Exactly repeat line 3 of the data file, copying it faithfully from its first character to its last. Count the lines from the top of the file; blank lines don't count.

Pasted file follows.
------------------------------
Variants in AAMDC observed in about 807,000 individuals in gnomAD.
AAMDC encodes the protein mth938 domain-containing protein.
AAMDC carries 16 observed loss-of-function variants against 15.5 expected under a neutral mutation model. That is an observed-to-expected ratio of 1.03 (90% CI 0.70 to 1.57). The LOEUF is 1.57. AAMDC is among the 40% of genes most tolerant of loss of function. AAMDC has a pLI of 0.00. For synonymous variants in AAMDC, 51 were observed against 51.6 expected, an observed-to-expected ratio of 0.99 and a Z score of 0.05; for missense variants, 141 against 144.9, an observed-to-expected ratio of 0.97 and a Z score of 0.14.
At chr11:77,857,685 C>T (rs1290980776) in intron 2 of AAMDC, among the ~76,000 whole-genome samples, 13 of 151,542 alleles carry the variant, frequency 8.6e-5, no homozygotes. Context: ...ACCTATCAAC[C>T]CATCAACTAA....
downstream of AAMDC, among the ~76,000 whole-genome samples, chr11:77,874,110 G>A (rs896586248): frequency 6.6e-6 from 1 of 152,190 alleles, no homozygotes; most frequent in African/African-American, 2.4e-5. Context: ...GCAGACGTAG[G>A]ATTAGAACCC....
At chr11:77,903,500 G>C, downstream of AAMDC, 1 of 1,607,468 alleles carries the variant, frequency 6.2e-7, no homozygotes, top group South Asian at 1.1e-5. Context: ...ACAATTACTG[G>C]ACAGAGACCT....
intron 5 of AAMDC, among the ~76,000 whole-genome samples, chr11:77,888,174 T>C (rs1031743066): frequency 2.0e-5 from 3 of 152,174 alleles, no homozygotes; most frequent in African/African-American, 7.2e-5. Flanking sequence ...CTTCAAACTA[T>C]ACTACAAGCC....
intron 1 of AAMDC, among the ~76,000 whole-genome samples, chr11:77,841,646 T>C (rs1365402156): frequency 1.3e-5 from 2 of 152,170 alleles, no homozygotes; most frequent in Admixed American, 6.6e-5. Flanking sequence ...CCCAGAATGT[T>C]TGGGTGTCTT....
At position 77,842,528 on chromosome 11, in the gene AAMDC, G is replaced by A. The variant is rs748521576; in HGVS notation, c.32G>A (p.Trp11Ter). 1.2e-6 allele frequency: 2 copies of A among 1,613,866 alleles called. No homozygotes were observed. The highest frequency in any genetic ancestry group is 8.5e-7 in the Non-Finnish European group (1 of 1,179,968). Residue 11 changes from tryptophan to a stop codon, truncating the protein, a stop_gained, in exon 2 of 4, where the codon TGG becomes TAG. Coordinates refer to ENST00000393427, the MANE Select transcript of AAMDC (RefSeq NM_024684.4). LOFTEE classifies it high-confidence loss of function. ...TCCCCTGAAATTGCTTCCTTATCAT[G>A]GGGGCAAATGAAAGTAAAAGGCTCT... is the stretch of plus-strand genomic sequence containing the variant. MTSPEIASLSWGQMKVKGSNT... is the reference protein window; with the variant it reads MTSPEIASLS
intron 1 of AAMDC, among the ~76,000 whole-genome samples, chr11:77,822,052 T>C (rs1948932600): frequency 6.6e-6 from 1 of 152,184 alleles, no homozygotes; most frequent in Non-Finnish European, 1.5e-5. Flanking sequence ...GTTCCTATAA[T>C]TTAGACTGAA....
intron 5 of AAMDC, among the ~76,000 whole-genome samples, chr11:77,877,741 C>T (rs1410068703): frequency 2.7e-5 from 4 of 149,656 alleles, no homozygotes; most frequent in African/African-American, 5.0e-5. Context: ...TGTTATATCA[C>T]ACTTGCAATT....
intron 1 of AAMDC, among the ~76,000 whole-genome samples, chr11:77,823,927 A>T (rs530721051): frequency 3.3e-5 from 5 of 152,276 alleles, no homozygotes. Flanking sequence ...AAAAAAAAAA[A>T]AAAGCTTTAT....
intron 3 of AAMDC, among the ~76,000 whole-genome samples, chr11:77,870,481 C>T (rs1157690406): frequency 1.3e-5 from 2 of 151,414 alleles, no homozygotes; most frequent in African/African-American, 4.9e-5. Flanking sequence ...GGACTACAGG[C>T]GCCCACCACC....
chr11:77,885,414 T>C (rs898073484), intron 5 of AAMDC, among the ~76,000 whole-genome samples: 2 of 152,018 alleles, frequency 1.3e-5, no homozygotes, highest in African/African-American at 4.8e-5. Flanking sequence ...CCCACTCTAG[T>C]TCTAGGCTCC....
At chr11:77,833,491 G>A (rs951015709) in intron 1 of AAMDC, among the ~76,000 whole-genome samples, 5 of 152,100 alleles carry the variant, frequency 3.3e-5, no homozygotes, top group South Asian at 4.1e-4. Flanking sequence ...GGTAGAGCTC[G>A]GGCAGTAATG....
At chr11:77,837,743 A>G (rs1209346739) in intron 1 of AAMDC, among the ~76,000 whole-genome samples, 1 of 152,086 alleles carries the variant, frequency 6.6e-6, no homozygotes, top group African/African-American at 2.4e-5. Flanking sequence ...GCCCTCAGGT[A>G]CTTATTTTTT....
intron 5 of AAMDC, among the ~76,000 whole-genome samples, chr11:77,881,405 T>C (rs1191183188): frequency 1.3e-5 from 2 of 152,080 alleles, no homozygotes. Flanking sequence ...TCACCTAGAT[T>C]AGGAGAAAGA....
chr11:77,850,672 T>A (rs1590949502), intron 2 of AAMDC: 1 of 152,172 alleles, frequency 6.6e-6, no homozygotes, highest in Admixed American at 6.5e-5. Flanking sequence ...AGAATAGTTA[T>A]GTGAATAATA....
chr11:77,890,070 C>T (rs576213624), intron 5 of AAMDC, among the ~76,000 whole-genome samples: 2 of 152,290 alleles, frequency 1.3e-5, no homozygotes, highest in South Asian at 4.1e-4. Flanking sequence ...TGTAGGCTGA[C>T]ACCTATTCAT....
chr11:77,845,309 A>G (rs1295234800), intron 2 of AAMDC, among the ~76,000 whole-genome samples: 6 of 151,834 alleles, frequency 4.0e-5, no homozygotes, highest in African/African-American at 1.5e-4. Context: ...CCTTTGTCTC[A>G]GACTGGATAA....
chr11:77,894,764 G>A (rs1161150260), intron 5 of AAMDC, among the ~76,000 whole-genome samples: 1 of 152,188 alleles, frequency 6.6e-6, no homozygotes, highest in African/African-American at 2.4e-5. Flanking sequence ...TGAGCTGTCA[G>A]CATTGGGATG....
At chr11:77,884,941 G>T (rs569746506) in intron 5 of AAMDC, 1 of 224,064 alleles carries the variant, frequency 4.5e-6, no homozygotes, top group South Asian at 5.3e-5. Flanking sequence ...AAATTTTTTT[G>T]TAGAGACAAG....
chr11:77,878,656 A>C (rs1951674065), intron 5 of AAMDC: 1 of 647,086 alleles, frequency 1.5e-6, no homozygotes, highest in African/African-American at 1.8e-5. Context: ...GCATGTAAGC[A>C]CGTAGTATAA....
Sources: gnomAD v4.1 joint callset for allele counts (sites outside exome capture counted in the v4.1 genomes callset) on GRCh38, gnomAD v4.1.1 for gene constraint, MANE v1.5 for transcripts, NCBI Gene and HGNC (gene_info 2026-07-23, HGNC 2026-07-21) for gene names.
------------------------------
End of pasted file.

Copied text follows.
AAMDC carries 16 observed loss-of-function variants against 15.5 expected under a neutral mutation model. That is an observed-to-expected ratio of 1.03 (90% CI 0.70 to 1.57). The LOEUF is 1.57. AAMDC is among the 40% of genes most tolerant of loss of function. AAMDC has a pLI of 0.00. For synonymous variants in AAMDC, 51 were observed against 51.6 expected, an observed-to-expected ratio of 0.99 and a Z score of 0.05; for missense variants, 141 against 144.9, an observed-to-expected ratio of 0.97 and a Z score of 0.14.